That one was Jason Garrett’s worst 2011 head coaching moment, and the lack of accountability in the aftermath still hangs over him.
Maybe not so much, which still doesn’t excuse what appeared to be a blunder. In this one, however, at least quarterback Tony Romo and Garrett had the same story, the same explanation on why those 20 precious seconds were left blowing in the Maryland wind.
And no, it wasn’t the "plan," both said.
As in Arizona, however, the Cowboys ended up losing a winnable game, falling 31-29 to the Ravens, and the lament of "oh-so-close" is becoming more hollow the more the Cowboys blow these kind of heartaches.
Always dependable Dan Bailey was a tad wide left on a 51-yard field goal in the final seconds, allowing the Ravens to escape.
But with a little less distance to cover with his foot, or with a better placement of the ball — as in between the hash marks — would the outcome have been different for Bailey?
Count that as one of a hundred coulda, shoulda, woulda questions the Cowboys had to answer in the aftermath.
First of all, they finally got a call, maybe a gift call, in the final minutes from an officiating crew that made the replacement boys look more acceptable with every yellow hanky that fell.
After a pass interference flag, the Cowboys had the ball at the Ravens’ 34-yard line with 26 seconds left and one timeout.
That has to be two-play territory, right? Heck yes, it’s right.
The Cowboys ran one play. Then came the failed kick.
What happened after a quick Romo inside throw to Dez Bryant netted only a yard? At that point the clock was running with 20 seconds left when Dez was taken down.
"What we were trying to do there is what we talked about before the play," Garrett said. "Tony was trying to get them on the ball as quickly as possible [after the Dez catch] knowing we had one [timeout] in our pocket.
"It just took too long for everyone to get unpiled, so it got down into single digits, so we said take it down to four seconds and bang the timeout."
Obviously, it’s up to the Cowboys to get "unpiled." The unpiling was not quick enough. But was there also clock panic? It sure looked like it.
Romo: "With the time left, we didn’t think it was in our best interest to run another play. We had guys who needed to get off the pile and receivers who needed to come to the huddle. There just wasn’t enough time."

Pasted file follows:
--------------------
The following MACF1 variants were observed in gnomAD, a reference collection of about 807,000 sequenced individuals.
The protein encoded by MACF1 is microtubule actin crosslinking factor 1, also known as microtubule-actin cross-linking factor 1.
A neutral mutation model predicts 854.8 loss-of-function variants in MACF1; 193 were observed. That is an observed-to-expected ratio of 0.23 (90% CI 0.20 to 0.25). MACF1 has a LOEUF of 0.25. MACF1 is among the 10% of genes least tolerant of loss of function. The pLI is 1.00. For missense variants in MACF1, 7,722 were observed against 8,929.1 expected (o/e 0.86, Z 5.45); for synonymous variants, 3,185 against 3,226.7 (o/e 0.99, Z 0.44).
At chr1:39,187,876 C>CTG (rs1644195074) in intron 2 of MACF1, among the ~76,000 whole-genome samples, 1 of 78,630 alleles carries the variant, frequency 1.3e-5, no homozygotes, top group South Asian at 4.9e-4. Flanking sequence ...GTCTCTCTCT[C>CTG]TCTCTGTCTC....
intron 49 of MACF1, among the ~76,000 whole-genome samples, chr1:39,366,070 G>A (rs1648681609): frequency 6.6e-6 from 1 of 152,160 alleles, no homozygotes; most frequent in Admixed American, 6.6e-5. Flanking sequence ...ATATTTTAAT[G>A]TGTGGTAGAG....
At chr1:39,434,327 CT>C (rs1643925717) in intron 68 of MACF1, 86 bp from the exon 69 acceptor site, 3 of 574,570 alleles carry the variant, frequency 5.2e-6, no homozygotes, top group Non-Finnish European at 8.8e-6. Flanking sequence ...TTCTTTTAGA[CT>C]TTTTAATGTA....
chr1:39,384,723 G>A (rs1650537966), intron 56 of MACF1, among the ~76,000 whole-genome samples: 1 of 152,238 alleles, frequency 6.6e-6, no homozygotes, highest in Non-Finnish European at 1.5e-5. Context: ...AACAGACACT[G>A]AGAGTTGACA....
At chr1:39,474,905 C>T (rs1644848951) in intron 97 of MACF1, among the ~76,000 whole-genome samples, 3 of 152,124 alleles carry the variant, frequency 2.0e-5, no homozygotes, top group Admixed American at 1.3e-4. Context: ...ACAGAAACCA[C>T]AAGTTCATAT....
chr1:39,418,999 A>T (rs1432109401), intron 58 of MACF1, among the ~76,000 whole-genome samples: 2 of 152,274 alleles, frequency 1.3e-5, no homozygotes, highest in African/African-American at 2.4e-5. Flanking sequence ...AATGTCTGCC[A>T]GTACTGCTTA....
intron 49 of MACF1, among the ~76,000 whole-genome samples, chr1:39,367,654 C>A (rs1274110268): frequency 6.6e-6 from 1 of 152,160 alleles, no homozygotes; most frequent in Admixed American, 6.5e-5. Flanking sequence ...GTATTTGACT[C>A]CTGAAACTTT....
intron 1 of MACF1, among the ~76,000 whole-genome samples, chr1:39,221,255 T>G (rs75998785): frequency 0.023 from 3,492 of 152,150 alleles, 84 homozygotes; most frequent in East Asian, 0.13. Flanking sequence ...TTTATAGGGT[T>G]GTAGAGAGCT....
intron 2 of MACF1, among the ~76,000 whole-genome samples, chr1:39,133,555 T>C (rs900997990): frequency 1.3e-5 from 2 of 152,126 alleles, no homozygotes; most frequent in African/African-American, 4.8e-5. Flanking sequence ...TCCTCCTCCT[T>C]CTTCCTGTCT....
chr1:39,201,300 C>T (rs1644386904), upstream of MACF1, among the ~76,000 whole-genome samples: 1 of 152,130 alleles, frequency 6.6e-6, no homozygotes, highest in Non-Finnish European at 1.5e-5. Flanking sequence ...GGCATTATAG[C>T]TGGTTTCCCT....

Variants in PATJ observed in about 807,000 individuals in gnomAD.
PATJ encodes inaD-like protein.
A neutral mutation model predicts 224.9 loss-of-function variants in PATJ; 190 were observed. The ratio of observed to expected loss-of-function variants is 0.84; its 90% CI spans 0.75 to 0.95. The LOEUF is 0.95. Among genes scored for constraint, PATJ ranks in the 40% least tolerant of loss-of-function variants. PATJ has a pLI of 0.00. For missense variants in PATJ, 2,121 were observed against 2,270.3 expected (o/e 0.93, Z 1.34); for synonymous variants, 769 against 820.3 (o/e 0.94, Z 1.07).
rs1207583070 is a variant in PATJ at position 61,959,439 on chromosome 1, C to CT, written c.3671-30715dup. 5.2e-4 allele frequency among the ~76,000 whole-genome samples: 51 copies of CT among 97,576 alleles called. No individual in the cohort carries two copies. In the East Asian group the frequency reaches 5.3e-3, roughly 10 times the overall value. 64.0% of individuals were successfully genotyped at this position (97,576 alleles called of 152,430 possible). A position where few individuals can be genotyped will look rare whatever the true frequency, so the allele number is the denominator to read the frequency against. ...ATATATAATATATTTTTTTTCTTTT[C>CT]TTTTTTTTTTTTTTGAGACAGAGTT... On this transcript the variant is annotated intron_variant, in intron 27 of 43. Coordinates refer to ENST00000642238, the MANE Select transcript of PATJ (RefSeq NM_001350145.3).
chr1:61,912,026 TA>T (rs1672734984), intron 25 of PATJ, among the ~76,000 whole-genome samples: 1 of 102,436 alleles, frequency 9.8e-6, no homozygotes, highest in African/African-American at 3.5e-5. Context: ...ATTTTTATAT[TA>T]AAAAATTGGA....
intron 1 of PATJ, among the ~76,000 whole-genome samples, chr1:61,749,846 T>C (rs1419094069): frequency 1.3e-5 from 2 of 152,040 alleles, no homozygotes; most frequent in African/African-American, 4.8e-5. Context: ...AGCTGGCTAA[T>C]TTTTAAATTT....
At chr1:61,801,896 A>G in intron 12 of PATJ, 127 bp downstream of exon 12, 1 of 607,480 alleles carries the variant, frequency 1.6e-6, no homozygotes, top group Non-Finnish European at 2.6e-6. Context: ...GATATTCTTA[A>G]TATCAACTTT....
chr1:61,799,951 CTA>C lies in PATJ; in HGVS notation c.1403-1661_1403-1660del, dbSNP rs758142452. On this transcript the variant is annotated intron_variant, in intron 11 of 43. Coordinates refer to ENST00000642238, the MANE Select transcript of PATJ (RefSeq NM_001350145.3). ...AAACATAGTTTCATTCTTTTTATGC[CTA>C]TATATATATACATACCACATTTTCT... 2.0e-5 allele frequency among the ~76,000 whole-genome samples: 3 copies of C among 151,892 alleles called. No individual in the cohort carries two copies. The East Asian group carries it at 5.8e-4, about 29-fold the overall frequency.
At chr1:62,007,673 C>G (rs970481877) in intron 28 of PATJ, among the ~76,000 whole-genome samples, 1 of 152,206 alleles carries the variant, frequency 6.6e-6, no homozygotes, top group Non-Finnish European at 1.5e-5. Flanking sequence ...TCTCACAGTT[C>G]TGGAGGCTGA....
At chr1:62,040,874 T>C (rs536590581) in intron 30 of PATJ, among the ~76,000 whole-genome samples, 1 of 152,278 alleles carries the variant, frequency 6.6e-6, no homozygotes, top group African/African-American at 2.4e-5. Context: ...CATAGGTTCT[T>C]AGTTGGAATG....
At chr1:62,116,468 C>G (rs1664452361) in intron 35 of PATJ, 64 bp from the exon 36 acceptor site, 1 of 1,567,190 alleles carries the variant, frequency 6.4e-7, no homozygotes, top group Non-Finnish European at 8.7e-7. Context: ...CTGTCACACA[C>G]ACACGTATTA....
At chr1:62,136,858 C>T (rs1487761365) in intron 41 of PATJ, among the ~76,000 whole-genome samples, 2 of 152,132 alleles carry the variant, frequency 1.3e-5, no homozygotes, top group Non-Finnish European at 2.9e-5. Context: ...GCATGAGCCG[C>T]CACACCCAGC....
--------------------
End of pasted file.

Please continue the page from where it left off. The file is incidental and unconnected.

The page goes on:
But was there enough to time to get a snap off, with Romo diving forward to the middle of the hash marks, then get the timeout? It appeared to be the case, but Bailey wanted no such excuse after the game.
"Being on the hash mark makes no difference," he said. "My job is to make the kick. If the hold is on the hash, I’ve got to still make the kick. If you’re always hoping for the middle of the field, you aren’t going to be kicking very long."
But while Bailey blew off the advantage of kicking from the middle of the field, his long attempt was extremely tricky due to the windy conditions. The wind was swirling inside the bowl, and although not necessarily against him, there was a crosswind involved. He had plenty of foot on the kick, just not between the uprights.
Garrett’s boss, Jerry Jones, backed the decision to let 20 seconds escape at the end of the game. "I wanted the kick right there rather than take the risk of attempting to get more yards," said the owner-GM.
But even as Jerry admitted, it was a "sickening" kind of loss.
The Cowboys’ offensive line totally manhandled a once proud Ravens’ defense, paving the way for 227 yards rushing, the most ever allowed by this defense. And much of the pounding was done by, yes, Felix Jones (he lives, he lives), because of a foot injury to DeMarco Murray that took him out for the second half.
Garrett went an unheard-of four deep at running back, with third stringer Phillip Tanner heavily involved, and even rookie Lance Dunbar, signed off the street last week, getting a carry that went for 11 yards.
The Cowboys game-planned the run after the Ravens had been plowed under by the Kansas City ground attack a week ago. It worked incredibly well, but not for a win.
And here we go again. Garrett has one dumb football team. The penalties were immense (13 for the Cowboys) and some were very questionable, but heavily penalized, dumb teams normally end up on the short end of the officiating.
Once again, a special teams coverage breakdown also factored into this loss, with Baltimore’s Jacoby Jones returning a kickoff untouched for 108 yards and a touchdown, tying an NFL record for the longest runback.